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    A Blog from GradHacker and MATRIX: The Center for Humane Arts, Letters and Social Sciences Online

Gifts for Grads: Technology
December 15, 2013 - 8:31pm

Photo of a stylusShopping for graduate students can be hard. We're making it a little easier this week with a series of gift guides for the special graduate students in your life. We're kicking off our annual gifts for grads week with hot picks for tech gifts from those who are in the know: our very own GradHacker authors.

Katy - Personalized URL (ex. yourname.com)Your name is your brand as an academic. We’ve talked before about the importance of having a personal website or blog where you can share your portfolios, publications, and have a unified space for your social media. This year, why not buy your favorite grad student a website url! It is a great gift, and if you go through GoDaddy.com, it can be fairly low cost.

Stylus for touch screens: If you use touch screen devices, you know that sometimes it can be hard using your fingers to do everything you want. Getting a stylus for your iPad or other touch-screen-device-using grad student is a fantastic gift. They are fairly inexpensive,  come in a range of colors, and are super useful. They improve your workflow, reduce mistakes, and you’re less likely to harm the screen. There are many out there to choose from- I’d suggest a simple one but see this article reviewing a number of styles and options.

Alex - The Kindle Paperwhite has transformed my reading habits. As a graduate student, picking up a book for pleasure is often accompanied by guilt. One thinks “I could be reading something for class or research,” making it difficult to read for pleasure. With my Kindle, I have been able to separate reading for work from reading for pleasure. The portability, e-ink technology, and convenience of the back-lit screen make reading on this device a true pleasure. The Kindle pairs nicely with Calibre, a piece of software that helps me manage my growing collection of ebooks and update the device wirelessly. I recommend the Kindle as a gift to graduate students aimed to help them reclaim reading for pleasure.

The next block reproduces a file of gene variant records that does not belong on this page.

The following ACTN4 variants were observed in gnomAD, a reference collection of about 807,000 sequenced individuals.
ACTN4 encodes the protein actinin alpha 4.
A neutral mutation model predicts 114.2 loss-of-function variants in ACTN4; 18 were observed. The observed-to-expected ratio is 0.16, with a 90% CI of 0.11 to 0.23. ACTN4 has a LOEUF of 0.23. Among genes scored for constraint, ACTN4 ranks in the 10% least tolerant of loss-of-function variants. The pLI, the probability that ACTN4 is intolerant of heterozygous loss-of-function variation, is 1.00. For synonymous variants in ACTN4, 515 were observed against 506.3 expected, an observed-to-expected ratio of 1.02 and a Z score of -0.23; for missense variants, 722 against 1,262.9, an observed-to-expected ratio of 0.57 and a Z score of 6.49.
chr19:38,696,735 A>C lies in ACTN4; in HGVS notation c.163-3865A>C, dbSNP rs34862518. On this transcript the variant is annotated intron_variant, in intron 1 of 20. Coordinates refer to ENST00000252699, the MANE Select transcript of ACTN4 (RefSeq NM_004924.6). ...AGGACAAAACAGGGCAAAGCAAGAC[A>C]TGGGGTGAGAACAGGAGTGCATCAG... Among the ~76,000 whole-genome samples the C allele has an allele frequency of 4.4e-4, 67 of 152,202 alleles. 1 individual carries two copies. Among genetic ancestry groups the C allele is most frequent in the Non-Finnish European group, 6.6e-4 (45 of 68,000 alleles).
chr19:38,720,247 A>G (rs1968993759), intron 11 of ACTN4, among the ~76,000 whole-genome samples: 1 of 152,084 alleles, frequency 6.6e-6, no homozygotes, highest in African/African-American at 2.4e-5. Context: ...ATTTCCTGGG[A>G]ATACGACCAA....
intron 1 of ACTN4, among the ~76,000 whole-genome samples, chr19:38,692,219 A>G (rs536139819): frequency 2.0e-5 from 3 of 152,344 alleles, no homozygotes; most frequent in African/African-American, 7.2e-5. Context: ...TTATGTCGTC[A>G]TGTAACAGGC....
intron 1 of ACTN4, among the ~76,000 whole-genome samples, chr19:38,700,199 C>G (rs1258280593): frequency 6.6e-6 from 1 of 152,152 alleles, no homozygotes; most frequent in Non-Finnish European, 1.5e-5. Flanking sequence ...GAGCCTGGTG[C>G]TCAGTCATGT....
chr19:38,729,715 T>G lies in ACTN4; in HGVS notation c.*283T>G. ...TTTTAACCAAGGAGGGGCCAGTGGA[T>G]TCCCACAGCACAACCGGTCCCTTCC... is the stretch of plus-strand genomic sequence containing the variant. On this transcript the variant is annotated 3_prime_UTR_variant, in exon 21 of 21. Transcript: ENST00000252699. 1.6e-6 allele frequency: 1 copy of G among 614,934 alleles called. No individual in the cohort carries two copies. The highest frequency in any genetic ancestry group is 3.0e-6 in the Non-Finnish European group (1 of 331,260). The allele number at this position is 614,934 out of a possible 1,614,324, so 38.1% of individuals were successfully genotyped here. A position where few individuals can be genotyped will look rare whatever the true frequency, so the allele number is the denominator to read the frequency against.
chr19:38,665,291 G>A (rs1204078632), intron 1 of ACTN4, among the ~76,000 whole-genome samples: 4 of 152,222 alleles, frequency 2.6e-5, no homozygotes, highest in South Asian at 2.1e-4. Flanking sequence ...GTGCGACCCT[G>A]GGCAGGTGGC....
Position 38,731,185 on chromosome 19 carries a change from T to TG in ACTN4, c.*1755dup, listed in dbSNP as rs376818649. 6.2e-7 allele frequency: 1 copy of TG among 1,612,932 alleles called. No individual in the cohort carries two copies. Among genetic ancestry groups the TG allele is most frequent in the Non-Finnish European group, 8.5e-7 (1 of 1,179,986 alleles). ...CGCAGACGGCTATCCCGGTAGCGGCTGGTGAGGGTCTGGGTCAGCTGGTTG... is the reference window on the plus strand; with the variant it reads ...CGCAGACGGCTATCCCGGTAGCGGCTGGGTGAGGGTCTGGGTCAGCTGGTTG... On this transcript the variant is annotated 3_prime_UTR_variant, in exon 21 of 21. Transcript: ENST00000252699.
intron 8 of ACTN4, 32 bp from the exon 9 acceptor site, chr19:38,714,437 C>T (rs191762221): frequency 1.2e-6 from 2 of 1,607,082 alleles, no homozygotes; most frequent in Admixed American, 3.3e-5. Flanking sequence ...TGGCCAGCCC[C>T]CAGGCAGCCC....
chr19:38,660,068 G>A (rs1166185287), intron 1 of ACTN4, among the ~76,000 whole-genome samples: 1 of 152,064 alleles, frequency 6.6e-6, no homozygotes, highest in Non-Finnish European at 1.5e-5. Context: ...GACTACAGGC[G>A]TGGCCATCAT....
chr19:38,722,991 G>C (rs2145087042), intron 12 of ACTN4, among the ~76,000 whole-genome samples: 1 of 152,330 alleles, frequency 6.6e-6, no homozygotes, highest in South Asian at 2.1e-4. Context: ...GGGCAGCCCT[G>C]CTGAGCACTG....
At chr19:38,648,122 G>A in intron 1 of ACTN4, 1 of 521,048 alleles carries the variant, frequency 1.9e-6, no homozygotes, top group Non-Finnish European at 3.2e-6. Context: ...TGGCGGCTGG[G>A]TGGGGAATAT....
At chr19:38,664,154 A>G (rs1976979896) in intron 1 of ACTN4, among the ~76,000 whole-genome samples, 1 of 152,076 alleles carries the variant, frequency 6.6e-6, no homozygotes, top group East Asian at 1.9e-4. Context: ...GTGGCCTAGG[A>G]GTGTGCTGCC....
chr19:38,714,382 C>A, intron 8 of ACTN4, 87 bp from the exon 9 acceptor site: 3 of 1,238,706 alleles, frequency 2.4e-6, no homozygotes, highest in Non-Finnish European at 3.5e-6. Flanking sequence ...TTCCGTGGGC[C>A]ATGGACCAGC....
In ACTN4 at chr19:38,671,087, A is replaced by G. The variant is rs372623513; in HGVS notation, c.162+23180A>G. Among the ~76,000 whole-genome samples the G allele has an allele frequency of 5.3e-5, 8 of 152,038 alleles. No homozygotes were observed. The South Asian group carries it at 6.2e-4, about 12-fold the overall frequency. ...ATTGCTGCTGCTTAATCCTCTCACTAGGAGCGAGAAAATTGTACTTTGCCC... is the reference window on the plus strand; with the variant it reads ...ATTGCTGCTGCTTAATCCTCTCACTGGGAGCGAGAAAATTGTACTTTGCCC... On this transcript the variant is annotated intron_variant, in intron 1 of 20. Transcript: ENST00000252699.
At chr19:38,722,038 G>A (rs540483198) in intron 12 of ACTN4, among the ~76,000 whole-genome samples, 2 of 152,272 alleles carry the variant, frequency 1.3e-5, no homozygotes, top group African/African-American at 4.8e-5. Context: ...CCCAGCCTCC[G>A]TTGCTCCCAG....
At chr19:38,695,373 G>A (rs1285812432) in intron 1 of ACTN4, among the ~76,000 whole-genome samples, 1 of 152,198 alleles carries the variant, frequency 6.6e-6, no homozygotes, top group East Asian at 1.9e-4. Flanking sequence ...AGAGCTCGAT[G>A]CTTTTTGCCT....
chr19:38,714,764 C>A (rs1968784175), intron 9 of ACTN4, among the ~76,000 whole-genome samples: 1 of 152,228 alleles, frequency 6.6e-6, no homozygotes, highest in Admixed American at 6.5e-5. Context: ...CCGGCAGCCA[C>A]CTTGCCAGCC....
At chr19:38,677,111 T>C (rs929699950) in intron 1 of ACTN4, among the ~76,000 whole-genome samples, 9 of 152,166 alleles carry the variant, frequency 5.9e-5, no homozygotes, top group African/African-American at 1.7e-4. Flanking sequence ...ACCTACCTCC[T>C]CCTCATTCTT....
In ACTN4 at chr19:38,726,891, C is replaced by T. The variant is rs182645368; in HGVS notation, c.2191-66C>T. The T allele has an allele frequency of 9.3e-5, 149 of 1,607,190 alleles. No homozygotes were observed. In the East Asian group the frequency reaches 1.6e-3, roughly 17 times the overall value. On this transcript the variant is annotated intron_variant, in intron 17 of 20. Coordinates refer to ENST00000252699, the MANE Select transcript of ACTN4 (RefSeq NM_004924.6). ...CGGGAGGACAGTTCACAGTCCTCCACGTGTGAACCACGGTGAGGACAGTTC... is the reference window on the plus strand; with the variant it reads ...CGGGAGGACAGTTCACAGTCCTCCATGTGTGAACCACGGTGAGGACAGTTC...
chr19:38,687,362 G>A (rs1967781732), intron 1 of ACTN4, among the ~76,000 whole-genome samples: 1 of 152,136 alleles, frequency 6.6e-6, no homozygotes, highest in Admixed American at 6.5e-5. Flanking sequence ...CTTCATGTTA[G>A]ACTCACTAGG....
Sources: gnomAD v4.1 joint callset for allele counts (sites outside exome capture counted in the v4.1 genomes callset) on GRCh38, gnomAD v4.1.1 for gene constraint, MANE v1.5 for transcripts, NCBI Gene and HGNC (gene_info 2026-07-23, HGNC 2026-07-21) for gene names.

Erin - Livescribe Smartpen: For the practical yet romantic grad student who believes in digitizing their work, but can’t give up pen and paper, the Livescribe Smartpen may be the perfect gift. It instantly creates digital versions of written documents and can also link the text with sound to keep track of important meetings.

Emily - Storage:   I have heard enough horror stories about grad students who’ve lost entire dissertation chapter drafts, grade sheets, and grant applications due to hard drive crashes, shattered USB drives, and the like to scare me for the entirety of my career. A storage solution could be a really thoughtful gift for someone who doesn’t already have one incorporated into his or her workflow. For cloud enthusiasts, you could try a premium Dropbox subscription (ranging from $9.99/month to $99.00/year). I also back up my files on an external hard drive, via Time Machine on my Macbook. Apple’s Time Capsule would be the fancier version, but I find this process works just fine with the two basic drives that I picked up on sale (one from My Passport and the other a Seagate FreeAgent GoFlex).

Apps:   If you’re shopping for a grad student who uses an iPad on a daily basis, consider a simple gift card for the App Store. That way, he or she can try out a few productivity-boosting apps. Some of my favorite everyday tools are: Pages, for writing and note-taking ($9.99); GoodReader, for PDF annotation ($4.99); and Things, for task management ($19.99).

Software:   Is there a piece of software your grad has been eyeing, that could make daily work a bit more efficient? I would be useless, for example, without Scrivener ($38.25 for an educational license) and DEVONthink Pro Office ($149.95, with less pricey options also available). If you need inspiration, we’ve featured plenty of posts about useful software here at GradHacker over the past few years.

What technology gifts would you like to receive as a grad student? What would you recommend for other grad students? 

[Image by Flickr Paul Jacobson used under creative commons licensing.]

 

 

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